Browsing by Author "Patterson, Andrew"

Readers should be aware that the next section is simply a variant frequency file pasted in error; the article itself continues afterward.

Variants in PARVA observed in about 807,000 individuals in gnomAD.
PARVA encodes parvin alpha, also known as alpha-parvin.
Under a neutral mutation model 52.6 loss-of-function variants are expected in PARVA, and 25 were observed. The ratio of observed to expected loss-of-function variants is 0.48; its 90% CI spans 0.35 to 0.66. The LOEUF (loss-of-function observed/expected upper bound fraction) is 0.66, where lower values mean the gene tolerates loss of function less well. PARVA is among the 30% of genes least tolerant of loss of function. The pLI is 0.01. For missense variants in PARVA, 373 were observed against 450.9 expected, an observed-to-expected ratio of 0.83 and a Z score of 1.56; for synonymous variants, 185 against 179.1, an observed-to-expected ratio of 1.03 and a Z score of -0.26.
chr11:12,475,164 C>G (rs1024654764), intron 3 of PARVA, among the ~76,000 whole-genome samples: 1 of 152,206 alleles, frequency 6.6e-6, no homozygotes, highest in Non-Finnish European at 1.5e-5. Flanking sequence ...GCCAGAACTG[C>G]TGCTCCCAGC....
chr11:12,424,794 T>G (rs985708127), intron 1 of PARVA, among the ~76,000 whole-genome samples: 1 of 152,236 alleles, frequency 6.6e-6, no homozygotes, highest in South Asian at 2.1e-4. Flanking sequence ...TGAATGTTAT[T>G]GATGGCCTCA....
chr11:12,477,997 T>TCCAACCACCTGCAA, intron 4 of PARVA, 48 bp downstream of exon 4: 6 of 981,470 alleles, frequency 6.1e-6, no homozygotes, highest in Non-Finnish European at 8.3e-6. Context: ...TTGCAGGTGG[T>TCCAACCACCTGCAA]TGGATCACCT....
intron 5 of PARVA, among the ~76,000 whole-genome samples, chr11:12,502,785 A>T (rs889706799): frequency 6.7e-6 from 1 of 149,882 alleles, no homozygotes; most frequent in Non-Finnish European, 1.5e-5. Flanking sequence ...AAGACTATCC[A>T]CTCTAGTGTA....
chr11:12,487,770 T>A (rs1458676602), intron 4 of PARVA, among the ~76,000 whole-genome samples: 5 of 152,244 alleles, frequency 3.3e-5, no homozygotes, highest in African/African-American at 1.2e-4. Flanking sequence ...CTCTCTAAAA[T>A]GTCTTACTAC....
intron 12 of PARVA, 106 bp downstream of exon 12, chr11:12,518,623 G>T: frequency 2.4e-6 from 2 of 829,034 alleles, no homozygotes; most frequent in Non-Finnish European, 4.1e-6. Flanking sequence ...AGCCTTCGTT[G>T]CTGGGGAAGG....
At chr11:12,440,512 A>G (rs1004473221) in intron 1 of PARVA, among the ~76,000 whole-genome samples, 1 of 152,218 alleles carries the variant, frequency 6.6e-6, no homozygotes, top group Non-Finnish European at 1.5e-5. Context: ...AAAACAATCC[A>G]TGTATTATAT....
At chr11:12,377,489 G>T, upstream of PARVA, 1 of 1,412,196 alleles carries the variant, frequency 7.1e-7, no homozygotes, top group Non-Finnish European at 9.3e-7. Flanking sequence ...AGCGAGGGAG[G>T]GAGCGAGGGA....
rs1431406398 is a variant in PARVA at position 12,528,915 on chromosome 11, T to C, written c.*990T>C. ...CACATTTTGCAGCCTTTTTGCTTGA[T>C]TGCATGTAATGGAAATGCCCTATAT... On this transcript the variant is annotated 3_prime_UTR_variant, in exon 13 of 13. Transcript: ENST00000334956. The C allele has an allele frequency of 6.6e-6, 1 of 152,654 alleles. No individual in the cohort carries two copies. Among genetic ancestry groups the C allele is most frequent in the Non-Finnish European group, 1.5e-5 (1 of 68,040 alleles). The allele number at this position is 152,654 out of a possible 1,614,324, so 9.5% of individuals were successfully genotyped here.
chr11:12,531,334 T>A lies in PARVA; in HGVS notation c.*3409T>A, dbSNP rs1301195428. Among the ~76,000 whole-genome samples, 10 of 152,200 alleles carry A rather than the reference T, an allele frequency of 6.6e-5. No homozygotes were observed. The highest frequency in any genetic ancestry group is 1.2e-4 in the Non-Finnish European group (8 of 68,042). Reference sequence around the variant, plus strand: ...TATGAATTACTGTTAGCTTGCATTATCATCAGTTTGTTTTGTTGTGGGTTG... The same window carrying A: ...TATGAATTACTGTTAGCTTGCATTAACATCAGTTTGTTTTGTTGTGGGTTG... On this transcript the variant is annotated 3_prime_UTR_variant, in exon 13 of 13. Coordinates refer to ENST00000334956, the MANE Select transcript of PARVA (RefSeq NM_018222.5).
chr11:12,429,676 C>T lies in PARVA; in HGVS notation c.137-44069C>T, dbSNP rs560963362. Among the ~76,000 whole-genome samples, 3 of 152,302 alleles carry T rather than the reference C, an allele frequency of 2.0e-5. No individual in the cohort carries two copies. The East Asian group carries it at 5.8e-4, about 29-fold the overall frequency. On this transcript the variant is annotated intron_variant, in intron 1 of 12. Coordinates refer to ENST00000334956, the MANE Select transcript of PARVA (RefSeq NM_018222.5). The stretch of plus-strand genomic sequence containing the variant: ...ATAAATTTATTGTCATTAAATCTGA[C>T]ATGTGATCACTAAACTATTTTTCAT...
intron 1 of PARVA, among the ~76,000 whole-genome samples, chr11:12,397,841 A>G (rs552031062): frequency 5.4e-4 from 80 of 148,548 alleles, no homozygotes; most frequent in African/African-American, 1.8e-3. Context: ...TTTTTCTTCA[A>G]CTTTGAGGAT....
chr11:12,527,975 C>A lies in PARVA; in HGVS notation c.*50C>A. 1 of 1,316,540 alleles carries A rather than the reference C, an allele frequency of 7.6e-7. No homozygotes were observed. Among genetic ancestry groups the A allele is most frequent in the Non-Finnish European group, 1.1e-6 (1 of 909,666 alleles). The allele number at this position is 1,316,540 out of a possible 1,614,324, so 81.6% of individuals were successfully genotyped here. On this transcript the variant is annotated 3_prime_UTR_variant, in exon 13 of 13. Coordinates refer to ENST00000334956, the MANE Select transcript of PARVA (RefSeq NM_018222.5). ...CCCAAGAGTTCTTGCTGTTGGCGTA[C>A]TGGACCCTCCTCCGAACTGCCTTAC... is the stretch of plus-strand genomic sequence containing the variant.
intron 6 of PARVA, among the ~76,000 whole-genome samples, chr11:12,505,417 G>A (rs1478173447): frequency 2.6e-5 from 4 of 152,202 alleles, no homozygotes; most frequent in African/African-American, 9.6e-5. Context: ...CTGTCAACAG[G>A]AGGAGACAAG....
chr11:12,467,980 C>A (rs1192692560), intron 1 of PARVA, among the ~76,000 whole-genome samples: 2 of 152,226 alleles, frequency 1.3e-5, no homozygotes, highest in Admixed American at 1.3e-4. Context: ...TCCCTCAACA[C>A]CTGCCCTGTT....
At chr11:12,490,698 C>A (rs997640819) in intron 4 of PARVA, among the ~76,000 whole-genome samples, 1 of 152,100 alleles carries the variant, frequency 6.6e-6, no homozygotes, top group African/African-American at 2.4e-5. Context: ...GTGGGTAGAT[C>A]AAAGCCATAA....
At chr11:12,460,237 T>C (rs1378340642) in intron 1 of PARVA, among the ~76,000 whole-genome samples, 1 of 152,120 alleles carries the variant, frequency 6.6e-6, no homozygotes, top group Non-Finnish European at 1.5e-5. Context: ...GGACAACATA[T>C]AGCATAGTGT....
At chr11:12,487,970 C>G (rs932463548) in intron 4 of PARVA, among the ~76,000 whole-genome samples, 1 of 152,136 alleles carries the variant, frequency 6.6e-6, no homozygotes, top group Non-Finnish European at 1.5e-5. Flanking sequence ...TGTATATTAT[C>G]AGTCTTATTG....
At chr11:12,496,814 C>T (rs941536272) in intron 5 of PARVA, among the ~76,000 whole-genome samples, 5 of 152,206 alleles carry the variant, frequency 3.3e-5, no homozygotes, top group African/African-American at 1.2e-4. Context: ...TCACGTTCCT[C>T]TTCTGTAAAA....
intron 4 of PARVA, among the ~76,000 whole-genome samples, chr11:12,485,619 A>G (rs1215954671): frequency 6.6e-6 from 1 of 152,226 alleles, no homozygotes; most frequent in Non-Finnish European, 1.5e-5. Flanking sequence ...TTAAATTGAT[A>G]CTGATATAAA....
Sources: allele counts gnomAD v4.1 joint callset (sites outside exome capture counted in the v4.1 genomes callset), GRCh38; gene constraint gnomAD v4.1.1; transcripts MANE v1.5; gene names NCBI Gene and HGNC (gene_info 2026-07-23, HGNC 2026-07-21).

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ItemAssessing the impacts and outcomes of youth driven mental health promotion: a mixed-methods assessment of the Social Networking Action for Resilience study(2018) Jenkins, E. K.; Bungay, V.; Patterson, Andrew; Saewyc, E. M.; Johnson, J. L.Mental health challenges are the leading health issue facing youth globally. To better respond to this health challenge, experts advocate for a population health approach inclusive of mental health promotion; yet this area remains underdeveloped. Further, while there is growing emphasis on youth-engaged research and intervention design, evidence of the outcomes and impacts are lacking. The purpose of this paper is to contribute to addressing these gaps, presenting findings from the Social Networking Action for Resilience (SONAR) study, an exploration of youth-driven mental health promotion in a rural community in British Columbia, Canada. Mixed methods including pre- and post-intervention surveys (n = 175) and qualitative interviews (n = 10) captured the outcomes and impacts of the intervention on indicators of mental health, the relationship between level of engagement and benefit, and community perceptions of impact. Findings demonstrate the feasibility and benefits of youth engaged research and intervention at an individual and community-level. ItemHierarchies of categorical disadvantage: economic insecurity at the intersection of disability, gender, and race(2019) Maroto, M.; Pettinicchio, D.; Patterson, AndrewIntersectional feminist scholars emphasize how overlapping systems of oppression structure gender inequality, but in focusing on the gendered, classed, and racialized bases of stratification, many often overlook disability as an important social category in determining economic outcomes. This is a significant omission given that disability severely limits opportunities and contributes to cumulative disadvantage. We draw from feminist disability and intersectional theories to account for how disability intersects with gender, race, and education to produce economic insecurity. The findings from our analyses of 2015 American Community Survey data provide strong empirical support for hierarchies of disadvantage, where women and racial minority groups with disabilities and less education experience the highest poverty levels, report the lowest total income, and have a greater reliance on sources outside the labor market for economic security. By taking disability into account, our study demonstrates how these multiple characteristics lead to overlapping oppressions that become embedded and reproduced within the larger social structure. ItemIs economic growth good for population health? A critical review(2023) Patterson, AndrewA large multidisciplinary literature discusses the relationship between economic growth and population health. The idea that economic growth is good for societies has inspired extensive academic debate, but conclusions have been mixed. To help shed light on the subject, this paper focuses on opportunities for consensus in this large literature. Much scholarship finds that the health-growth relationship varies according to (1) which aspect of “health” is under consideration, (2) shape (e.g., positive linear or logarithmic), (3) issues of timing (e.g., growth over the short or long term), (4) a focus on health inequalities as opposed to population averages, and (5) multivariable relationships with additional factors. After reflecting upon these findings, I propose that economic growth promotes health in some respects, for some countries, and in conjunction with other life-supporting priorities, but does not by itself improve population health generally speaking. I then argue there is already wide, interdisciplinary consensus to support this stance. Moreover, policies focusing exclusively on economic growth threaten harm to both population health and growth, which is to say that political dynamics are also implicated. Yet multivariable approaches can help clarify the bigger picture of how growth relates to health. For moving this literature forward, the best opportunities may involve the simultaneous analysis of multiple factors. The recognition of consensus around these issues would be welcome, and timely. ItemNot all built the same? a comparative study of electoral systems and population health(2017) Patterson, AndrewMuch literature depicts a worldwide democratic advantage in population health. However, less research compares health outcomes in the different kinds of democracy or autocracy. In an examination of 179 countries as they existed between 1975 and 2012, advantages in life expectancy and infant health appear most reliably for democracies that include the principle of proportional representation in their electoral rules. Compared to closed autocracies, they had up to 12 or more years of life expectancy on average, 75% less infant mortality, and double the savings in overall mortality for most other age groups. Majoritarian democracies, in contrast, did not experience longitudinal improvements in health relative to closed autocracies. Instead their population health appeared to be on par with or even superseded by competitive autocracies in most models. Findings suggest that the principle of proportional representation may be good for health at the national level. Implications and limitations are discussed. ItemPolitics and population health: testing the impact of electoral democracy(2016) Patterson, Andrew; Veenstra, G.This study addresses questions of whether and why electoral democracies have better health than other nations. After devising a replicable approach to missing data, we compare political, economic, and health-related data for 168 nations collected annually from 1960 through 2010. Regression models estimate that electoral democracies have 11 years of longer life expectancy on average and 62.5% lower rates of infant mortality. The association with life expectancy reduces markedly after controlling for GDP, while a combination of factors may explain the democratic advantage in infant health. Results suggest that income inequality associates independently with both health outcomes but does not mediate their associations with democracy.